Mots clés : sclérose tubéreuse, épilepsie, retard mental, chirurgie de l’épilepsie


    Tuberous Sclerosis (TSC) is an autosomal dominant multiorgan disease with an incidence of about 1:6.000 [1, 2]. Gene-mutations are found in 85-90% of patients affected [3]. There are two types of mutations: patients with TSC1 have mutations on chromosome 9q34, en- coding hamartin [4], patients with TSC2 mutations on chromosome 16p13, encoding tuberin [5] . Two thirds and more of the mutations are spontaneous [6, 7]. The disease is usually more severe in patients carrying TSC2-mutations, but there is a considerable overlap of symptoms and signs between both groups [6]. It is also possible to reliably diagnose TSC on the basis of clinical signs using the so called “Roach Criteria” [8 - 10]. The far majority of patients with TSC is suffering from epi- lepsy (80-90%; [11, 10, 12, 13]), with onset of epilepsy within the first year of life in two thirds of them [11, 14, 13]. Indeed, seizures are the presenting symptom in around 60% of the cases – but are often not leading to an immediate diagnosis, also not when other clini- cal signs are present [15, 16]. Epilepsies in TSC are often severe and a sufficient seizure control by medication is possible in less than half of the patients only [17, 18, 13]. The high risk of mental retardation (50-80%; [19, 15, 13, 20]) and the fact that many patients with TSC show autistic features [21 - 23] are adding to the bur- den of the disease.

    Introduction on Epilepsy Surgery

    There is most likely no other etiology by which it is possible to demonstrate more impressively how much progress has been made over the last decade in the field of epilepsy surgery then in TSC. Since the advent of MRI the few patients with single epileptogenic tubers and drug resistant seizures were always considered to be candidates for epilepsy surgery, but for a long time it was beyond the imagination of epileptologists that pa- tients with multiple such lesions in both hemispheres could possibly benefit from surgery on the long run. In fact there is a drop in the rate of seizure free patients comparing the rate on ≤ 2 years follow up (64.5% in En-

    gel’s Class I) with the rate on > 2 years follow up (43.6 %) in the review by Madhavan et al. [24], but that dif- ference did not reach statistical significance in the mul- ti-variant analysis. In a series from Beijing reported by Liang et al. [25], 72% were seizure free at 1 year follow up, 60% at 2 years and still 54.5% at the 5 years follow up – a figure not very much different (if different at all) from long term outcome figures in patients with other etiologies who have undergone epilepsy surgery. 12 out of 18 children operated on at UCLA became seizure free – with an average length of follow up of 4.1 years! The length of follow up was not different between seizure free and not seizure free patients in the meta- analysis by Jansen et al. [26]. 177 operated patients with TSC were included in this comprehensive review; 57% became seizure free and a seizure reduction by more than 90% was achieved in another 18%. Out of these 177 patients 71 underwent focal resections, 74 lobar resections and 16 multilobar resections. In an- other meta-analysis 53% were in Engel’s outcome class I and 11% in Class II [24]. In both studies duration of the epilepsy and the number of tubers had no influence on seizure outcome. A younger age at onset of epilepsy and bilateral interictal spikes were risk factors for sei- zure recurrence in the review by Madhavan et al. [24] but not in the analysis by Jansen et al. [26], in which mental retardation and spasms were associated with a less favorable outcome. In contrast to the data in the review by Madhavan et al. [24] a younger age at sur- gery and a shorter duration of epilepsy were associated with a more favorable outcome in the pediatric series from UCLA [27]. The highest risk factor for seizure re- currence in the meta-analysis by Jansen et al. [26] was “multifocal SPECT-findings”.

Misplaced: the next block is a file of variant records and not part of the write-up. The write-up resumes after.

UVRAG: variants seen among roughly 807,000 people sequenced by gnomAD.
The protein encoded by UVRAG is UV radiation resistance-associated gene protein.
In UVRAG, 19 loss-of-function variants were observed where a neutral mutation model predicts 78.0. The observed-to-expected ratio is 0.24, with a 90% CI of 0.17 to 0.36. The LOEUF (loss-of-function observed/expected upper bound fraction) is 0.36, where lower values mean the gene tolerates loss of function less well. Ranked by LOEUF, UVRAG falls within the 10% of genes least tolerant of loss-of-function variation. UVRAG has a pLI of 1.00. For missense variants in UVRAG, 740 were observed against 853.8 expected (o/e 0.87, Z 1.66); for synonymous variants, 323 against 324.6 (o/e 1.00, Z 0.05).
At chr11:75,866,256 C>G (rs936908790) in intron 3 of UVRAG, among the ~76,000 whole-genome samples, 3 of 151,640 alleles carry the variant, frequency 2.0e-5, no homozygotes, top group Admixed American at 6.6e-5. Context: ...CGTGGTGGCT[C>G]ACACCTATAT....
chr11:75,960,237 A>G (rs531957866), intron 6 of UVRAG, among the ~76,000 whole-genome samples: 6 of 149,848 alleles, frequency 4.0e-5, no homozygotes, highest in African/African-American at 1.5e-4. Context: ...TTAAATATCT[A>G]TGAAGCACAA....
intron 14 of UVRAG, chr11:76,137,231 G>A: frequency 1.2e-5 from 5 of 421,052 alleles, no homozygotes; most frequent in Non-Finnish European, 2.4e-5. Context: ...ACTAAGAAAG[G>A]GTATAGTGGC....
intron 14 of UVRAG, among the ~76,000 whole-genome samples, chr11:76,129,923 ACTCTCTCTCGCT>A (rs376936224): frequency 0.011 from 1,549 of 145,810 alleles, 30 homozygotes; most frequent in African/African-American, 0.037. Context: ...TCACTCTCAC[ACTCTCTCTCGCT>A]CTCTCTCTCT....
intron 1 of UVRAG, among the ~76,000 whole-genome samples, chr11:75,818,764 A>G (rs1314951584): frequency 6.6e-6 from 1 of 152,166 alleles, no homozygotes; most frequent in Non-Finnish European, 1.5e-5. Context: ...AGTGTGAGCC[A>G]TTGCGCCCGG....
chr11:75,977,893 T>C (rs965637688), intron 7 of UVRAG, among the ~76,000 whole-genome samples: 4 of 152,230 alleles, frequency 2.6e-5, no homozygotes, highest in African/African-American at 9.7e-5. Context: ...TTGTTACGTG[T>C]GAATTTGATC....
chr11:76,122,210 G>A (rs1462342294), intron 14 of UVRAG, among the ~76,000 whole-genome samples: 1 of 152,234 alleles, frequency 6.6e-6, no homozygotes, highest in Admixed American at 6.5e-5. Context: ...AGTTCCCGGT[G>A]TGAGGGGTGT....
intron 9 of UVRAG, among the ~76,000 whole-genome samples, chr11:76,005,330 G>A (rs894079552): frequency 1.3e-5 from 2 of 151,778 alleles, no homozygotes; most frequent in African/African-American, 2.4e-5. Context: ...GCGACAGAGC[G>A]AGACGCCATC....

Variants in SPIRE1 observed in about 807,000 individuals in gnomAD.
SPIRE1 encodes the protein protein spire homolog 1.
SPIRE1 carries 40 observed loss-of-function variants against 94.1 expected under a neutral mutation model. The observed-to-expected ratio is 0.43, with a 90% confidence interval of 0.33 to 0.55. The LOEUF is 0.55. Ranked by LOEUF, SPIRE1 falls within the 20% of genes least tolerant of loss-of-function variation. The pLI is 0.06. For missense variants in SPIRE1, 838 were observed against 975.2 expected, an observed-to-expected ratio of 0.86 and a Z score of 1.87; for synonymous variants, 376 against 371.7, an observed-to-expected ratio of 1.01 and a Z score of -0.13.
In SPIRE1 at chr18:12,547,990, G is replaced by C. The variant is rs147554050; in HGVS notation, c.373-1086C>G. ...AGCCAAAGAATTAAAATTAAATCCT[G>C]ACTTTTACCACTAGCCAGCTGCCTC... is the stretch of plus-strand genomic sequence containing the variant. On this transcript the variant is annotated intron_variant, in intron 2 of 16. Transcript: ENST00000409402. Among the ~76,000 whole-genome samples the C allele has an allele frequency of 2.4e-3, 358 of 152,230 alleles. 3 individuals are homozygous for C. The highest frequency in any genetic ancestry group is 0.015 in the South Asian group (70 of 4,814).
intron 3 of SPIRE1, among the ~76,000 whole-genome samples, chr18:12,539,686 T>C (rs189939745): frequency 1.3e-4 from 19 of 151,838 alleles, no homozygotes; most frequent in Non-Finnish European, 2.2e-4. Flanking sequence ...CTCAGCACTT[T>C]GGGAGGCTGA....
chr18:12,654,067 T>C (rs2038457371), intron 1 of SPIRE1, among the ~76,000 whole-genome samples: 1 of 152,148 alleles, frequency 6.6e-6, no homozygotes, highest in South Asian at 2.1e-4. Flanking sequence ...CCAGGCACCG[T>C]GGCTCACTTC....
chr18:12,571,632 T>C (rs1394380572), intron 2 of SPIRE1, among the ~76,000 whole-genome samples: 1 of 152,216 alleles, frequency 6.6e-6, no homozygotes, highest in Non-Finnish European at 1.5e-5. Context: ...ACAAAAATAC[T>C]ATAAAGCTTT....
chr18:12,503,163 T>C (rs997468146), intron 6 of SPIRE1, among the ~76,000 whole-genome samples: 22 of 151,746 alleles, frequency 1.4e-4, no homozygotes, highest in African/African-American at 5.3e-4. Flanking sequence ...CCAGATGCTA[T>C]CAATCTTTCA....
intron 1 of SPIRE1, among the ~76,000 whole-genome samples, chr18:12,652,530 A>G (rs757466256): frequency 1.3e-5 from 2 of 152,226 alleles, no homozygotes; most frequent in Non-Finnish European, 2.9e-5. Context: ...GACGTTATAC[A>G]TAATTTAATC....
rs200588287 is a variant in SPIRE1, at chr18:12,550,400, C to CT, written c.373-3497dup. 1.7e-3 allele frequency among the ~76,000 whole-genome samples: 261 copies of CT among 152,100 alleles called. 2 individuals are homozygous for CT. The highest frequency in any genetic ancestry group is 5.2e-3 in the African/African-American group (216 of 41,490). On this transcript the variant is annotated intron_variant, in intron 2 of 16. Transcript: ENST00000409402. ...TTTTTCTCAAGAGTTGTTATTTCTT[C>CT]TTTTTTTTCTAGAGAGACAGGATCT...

Until several years ago epilepsy surgery was offered only to patients in whom a single focus in one hemi- sphere could be identified (the “principle tuber“, the one and only “epileptogenic tuber”). In recent years boundaries in epilepsy surgery for patients with TSC have been pushed forward dramatically, from 2 step procedures for patients with foci in each hemisphere [28] to single step invasive recordings with subdural grids over both hemispheres in patients with multi- ple epileptogenic lesions within both hemispheres, (as identified by prior non-invasive investigations) [29], to the implantation of subdural grids bilaterally in search of foci in patients in who